Then again, if that were the case I would have missed out on 2004 and 2007 and I’d have had no winning season since that 1992 season.

Maybe it is best.

But let the record show, I am rooting for the Pirates. The NL Central is winnable. The 7 year old version of me is cheering you on.

And one final Pirates obsession… I LOVE this video about Dock Ellis and his no hitter.

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The calm before the Hall of Fame storm

I hope you enjoyed the Hall of Fame ceremony yesterday. Pat Gillick, Roberto Alomar and Bert Blyleven all deserved to be voted in. I have supported Tim Raines, Jack Morris, Barry Larkin and Dave Parker in the past.

With the Cobra off of the ballot, there is good news for Raines, Morris and Larkin:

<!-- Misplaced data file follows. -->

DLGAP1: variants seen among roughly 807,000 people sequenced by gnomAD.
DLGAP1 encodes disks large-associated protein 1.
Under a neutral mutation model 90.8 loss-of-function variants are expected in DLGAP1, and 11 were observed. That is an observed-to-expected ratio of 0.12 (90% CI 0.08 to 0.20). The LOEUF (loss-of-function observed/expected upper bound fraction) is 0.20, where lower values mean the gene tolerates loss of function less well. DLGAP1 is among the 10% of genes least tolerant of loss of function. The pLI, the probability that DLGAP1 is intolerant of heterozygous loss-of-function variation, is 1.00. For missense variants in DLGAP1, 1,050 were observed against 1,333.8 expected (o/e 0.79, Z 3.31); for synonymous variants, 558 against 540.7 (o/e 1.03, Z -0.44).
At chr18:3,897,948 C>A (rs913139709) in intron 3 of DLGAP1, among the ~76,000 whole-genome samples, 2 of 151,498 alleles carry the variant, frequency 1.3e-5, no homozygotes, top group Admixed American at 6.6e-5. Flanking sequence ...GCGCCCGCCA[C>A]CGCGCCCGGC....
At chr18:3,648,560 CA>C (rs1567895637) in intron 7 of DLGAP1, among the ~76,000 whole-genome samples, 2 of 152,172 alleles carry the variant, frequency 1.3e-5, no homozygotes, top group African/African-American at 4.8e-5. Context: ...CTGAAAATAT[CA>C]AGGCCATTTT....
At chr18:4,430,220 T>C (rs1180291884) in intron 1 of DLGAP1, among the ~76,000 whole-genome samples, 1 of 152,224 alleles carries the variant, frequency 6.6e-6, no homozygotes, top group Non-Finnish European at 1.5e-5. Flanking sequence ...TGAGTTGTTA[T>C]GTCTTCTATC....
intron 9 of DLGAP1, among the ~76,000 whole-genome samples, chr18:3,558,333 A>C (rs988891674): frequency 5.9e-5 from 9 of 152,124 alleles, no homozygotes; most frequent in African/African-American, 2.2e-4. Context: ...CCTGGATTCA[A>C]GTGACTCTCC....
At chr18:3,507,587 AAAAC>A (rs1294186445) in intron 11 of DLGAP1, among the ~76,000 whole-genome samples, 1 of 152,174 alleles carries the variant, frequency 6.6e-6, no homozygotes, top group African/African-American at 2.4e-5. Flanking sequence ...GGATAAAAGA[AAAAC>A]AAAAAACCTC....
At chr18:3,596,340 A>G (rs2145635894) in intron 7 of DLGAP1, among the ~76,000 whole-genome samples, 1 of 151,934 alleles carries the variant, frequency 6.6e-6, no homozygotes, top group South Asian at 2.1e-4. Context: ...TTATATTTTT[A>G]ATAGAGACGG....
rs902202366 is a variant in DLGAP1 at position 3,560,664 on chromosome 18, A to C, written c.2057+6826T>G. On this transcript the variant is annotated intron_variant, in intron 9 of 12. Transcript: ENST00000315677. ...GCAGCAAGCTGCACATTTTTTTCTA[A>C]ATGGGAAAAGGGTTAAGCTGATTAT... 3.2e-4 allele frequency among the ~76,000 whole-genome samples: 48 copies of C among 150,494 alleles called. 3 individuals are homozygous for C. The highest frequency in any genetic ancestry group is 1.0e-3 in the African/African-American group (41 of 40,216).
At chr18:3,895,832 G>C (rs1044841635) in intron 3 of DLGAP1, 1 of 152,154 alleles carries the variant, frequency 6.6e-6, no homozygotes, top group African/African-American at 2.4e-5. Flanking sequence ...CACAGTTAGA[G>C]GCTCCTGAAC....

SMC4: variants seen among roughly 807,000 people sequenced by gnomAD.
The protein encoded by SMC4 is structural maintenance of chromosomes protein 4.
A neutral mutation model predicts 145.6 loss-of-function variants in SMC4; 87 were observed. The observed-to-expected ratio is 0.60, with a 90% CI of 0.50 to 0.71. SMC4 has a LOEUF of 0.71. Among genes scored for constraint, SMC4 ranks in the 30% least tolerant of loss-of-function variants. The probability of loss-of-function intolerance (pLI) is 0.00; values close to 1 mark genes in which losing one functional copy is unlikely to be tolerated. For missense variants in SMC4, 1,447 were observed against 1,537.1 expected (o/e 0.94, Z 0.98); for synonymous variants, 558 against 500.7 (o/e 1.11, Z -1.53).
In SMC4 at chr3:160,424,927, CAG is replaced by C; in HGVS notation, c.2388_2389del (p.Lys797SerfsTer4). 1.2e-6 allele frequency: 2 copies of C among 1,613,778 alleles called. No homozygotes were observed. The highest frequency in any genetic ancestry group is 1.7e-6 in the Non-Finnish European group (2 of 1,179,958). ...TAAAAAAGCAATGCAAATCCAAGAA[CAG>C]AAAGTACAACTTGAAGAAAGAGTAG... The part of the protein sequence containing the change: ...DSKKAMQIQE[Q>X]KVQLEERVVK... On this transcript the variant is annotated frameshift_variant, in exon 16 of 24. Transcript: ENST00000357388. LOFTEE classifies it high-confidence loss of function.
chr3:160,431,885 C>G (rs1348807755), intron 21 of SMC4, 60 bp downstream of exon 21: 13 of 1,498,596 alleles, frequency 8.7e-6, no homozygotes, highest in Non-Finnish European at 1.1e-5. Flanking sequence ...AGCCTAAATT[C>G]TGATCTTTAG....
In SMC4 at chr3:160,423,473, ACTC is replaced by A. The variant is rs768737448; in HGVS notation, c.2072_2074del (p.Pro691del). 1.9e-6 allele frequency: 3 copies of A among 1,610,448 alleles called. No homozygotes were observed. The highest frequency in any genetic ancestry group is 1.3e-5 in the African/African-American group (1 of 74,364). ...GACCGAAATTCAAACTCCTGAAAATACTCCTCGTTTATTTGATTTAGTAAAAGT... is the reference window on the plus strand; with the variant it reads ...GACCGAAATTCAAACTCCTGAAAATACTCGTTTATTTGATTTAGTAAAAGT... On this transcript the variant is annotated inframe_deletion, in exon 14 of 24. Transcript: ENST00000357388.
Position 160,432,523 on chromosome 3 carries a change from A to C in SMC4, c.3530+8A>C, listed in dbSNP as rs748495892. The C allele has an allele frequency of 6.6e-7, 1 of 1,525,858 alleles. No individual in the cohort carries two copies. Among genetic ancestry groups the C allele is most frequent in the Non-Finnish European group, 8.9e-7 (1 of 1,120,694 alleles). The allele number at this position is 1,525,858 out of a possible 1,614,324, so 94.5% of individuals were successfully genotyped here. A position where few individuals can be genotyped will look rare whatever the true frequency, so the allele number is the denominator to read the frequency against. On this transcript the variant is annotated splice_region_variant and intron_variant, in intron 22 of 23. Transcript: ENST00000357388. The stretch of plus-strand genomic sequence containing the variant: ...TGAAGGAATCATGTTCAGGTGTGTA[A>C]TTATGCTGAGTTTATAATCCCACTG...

Next year’s first time Hall of Fame ballot stinks.

I’m not kidding.
My dad and I went down the list of all the players who will be on the ballot for the very first time.

Heads and shoulders above all the other first time candidates is Bernie Williams.

Look, Bernie was a terrific player and a Red Sox killer. He was a champion who wore the pinstripes with honor and had clutch post season moments in the 1990s and the 2000s.

Nobody is denying that his #51 deserves to be retired at Yankee Stadium and he should get standing ovations in the Bronx for the rest of his life.

The only reason he should be at the Hall of Fame induction is if he is hired to be the musical act.

And he’s BY FAR the best new candidate.

The other new candidates?
Vinny Castilla
Javy Lopez
Ruben Sierra
Jeff Nelson
Jeromy Burnitz
Tim Salmon
Mike Matheny
Edgardo Alfonzo
Danny Graves
Scott Erickson
Tony Womack
Jeff Fassero
Phil Nevin
Carl Everett
Brian Jordan
Eric Young
Tim Worrell
Bill Mueller
Joe Randa
Jose Lima
Matt Lawton
Terry Mulholland
Brad Radke
Rick Helling
Mike Remlinger
Felix Rodriguez